11. Seems like the principals that apply to networks, apply to our banking “network” The most resilient design is a decentralized one, with many nodes handling about the same amount of traffic (the internet). Designs with large “hub” nodes while potentially more efficient using resources, are less reliable and robust, especially exposed when one of the “hubs” fail. They also spread “virus’s” much more readily.

  12. Eurocitizen

    Adaptive systems always crash. It’s a property of adaptive systems. This is actually theoretically very well known problem of adaptive systems.

  13. Outspoken? We’re done with outspoken. Time for a fundamental teardown/rebuild.

    We still have that little problem of vetting and/or educating a new group of administrators, stewards, watcher-watchers, whatever you want to call them.

  14. I can see where in the hypothetical that regulation could solve the TBTF problem, and may be did so in Canada.

    However, US banks fight any regulation to the proverbial “tooth and nail”. Ultimately, this probably means that they will need to be both broken up and regulated more stringently than if they would behave otherwise in order to guarantee their, and the financial systems, safety and soundness.

    As to when, well if it is not this bust, it will be the next big one, or the next until it is figured out. Sort of like, is this 1909, or the Great Depression learning experience?

    DWN

  15. I should have written TBTS: Too big to succeed.

  16. “Most of the arguments against this course of action have something to do with international competitiveness…”

    I’ve never entirely understood that. Let’s say that the US told Citigroup “we’re tired of you: get smaller or GTFO,” and they opted to move to the UK. So the next time they blow up — and there will be a next time — the Brits can bail them out instead of us.

    Fine by me. Let ‘em go.

  17. James writes:

    Even if they succeed, at best we will have lost our best opportunity for real change in decades.

    Just like health care.

    Mission accomplished!

  18. Yeah, I was thinking the same. This is exactly the result the lobbyists have paid for, and politicians have accomplished it with minimal interference.

  19. Exactly. It reminds me of the arguments for massive salaries and bonuses to banks. “Well if we don’t have those then we can’t retain the top talent.” You know… the talent that caused all this destruction but made banks so very very rich. Now there’s an argument to keep these banks on our soil so its our job to wipe their butts when they crap themselves.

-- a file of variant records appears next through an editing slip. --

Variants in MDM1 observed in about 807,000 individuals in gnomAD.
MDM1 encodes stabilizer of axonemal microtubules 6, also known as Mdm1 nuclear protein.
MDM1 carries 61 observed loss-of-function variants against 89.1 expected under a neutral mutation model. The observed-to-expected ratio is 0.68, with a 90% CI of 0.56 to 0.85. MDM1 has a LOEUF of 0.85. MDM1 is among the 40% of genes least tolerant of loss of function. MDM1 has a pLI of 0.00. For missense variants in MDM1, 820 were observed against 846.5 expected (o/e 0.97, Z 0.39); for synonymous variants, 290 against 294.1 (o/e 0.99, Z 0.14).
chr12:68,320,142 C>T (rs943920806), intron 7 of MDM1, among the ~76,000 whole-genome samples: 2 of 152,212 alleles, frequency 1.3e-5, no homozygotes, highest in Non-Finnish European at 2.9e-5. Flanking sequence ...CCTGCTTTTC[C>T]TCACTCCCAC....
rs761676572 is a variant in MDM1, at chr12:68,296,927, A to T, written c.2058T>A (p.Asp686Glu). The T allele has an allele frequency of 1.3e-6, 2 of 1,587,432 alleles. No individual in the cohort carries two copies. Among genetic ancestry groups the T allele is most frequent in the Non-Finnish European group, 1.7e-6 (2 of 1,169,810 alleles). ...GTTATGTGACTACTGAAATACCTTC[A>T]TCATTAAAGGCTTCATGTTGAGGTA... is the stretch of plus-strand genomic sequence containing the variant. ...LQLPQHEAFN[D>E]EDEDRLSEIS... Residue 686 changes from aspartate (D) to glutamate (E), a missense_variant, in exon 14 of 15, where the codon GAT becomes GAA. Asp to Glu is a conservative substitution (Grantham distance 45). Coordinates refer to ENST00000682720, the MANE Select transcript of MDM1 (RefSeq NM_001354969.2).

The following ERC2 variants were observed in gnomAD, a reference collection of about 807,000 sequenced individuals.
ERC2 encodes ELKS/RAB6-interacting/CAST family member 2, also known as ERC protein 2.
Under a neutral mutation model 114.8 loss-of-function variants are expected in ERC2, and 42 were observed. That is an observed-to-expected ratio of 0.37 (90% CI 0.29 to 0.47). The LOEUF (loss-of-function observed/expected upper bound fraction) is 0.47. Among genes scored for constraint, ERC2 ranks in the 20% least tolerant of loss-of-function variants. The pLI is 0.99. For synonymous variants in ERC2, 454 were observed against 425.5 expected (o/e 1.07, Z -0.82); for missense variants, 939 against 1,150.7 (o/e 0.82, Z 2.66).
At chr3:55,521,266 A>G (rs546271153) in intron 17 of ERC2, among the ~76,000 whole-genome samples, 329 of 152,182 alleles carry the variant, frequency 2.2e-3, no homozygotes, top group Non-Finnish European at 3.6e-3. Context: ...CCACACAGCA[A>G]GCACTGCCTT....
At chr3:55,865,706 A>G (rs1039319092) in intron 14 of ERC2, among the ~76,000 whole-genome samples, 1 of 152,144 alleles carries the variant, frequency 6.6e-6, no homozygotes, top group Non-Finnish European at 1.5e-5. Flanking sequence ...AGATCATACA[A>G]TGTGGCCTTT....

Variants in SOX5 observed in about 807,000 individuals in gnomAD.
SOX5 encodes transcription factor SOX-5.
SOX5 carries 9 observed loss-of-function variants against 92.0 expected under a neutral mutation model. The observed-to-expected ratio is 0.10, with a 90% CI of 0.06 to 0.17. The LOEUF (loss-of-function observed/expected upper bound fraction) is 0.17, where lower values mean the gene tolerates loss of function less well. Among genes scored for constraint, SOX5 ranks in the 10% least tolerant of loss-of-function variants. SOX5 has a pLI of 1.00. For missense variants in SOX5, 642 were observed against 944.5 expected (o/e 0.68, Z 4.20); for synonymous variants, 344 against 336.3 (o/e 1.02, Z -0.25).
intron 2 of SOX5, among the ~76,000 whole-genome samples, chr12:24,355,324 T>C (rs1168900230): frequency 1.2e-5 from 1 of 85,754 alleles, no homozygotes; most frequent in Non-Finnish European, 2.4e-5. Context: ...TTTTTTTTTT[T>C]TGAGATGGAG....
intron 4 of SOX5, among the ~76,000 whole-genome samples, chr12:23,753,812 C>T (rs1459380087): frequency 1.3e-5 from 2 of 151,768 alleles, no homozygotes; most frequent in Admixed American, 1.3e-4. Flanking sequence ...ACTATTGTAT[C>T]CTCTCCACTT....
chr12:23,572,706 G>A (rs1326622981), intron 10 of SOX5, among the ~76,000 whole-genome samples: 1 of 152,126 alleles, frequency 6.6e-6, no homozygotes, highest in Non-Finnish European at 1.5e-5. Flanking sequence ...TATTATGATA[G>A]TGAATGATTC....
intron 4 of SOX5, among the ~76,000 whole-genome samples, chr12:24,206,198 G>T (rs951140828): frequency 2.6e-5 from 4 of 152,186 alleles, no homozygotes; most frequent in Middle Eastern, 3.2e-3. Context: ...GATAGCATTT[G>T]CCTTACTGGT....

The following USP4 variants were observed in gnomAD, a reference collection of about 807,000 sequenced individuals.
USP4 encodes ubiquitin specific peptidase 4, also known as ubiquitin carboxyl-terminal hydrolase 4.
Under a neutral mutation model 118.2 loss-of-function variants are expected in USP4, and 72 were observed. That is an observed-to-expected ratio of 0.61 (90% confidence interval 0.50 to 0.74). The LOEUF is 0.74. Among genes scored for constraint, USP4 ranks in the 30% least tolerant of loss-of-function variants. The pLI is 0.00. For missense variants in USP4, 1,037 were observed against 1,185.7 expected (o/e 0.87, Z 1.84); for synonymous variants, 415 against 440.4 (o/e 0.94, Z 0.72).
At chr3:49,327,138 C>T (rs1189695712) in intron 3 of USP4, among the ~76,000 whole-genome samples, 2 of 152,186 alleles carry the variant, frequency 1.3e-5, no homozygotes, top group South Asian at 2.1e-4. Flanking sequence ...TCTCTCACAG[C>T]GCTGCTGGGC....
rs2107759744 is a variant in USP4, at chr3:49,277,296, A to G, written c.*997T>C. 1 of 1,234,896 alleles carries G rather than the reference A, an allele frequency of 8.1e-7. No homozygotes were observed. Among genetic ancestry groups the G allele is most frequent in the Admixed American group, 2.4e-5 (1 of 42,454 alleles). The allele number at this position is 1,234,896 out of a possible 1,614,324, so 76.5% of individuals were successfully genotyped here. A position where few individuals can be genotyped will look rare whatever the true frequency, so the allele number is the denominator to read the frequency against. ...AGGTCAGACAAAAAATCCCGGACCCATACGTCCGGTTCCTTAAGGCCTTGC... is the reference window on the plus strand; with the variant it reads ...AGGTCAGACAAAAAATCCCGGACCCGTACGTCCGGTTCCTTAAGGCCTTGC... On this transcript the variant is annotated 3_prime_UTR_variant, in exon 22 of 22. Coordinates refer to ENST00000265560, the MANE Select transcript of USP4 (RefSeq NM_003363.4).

Somehow I have trouble seeing a negative if the banks lose their “talent”, and similarly I have trouble seeing the negative if we don’t have responsibility for cleaning up their screw ups anymore. (Granted, if anyone KNOWS a negative that outweighs the positive of not cleaning up these messes anymore, please enlighten me)

  20. Of course, Mervyn, Paul, Thomas, and now Richard, are absolutely correct in their assessment of the situation. The fact that Dodd and the Administration are not heading in that (popular and populist) direction is just more proof of the power of the financial oligarchs, who have coopted all of their potential enemies who might be in positions to do them harm. The simple imposition of a new Glass-Steagall would, no doubt, go a long way to creating the inevitable reduction which we seek, in the size and power of the TBTF’s, but now that the Supremes have given their blessing to endless campaign spending, anything resembling serious financial reform is solidly and perminently in our rear view mirrors, at least until the next bubble bursting (which will happen, we all know, sooner or later).

  21. Tony Foresta

    Word!!!

  22. If ya think about it, those sky high top talent salaries are deserved. That super elite group of CEOs got huge returns on super high risks and then got everybody else to suffer the consequences.

    In a reluctant way I have to say “Well Done.”

    I wonder how long till the next crisis?

  23. Here is a point that I don’t hear many people discussing. These big banks are seen by many to be a part of the power structure of the countries that they seem to represent. If they are this, then breaking them up is to lessen the total (financial) power that a country can exert in the world. This could be seen as a large negative for any nation’s leader, who wants to preserve and grow his nation’s power.

    If they are simply pirates as I see them, willing for profit to do things that might hurt any individual country, then it would behoove any and all national leaders to make sure their power is significantly diminished so that they will hurt no one. If one sees them as pirates, they are not controlled by any democratically elected body, not subservient to the best interests of the (any?) public. As pirates they are unequivocally amoral and cannot be trusted any more than a sociopath can be trusted.

    As Spock would say, “They must be broken up for the good of the many.”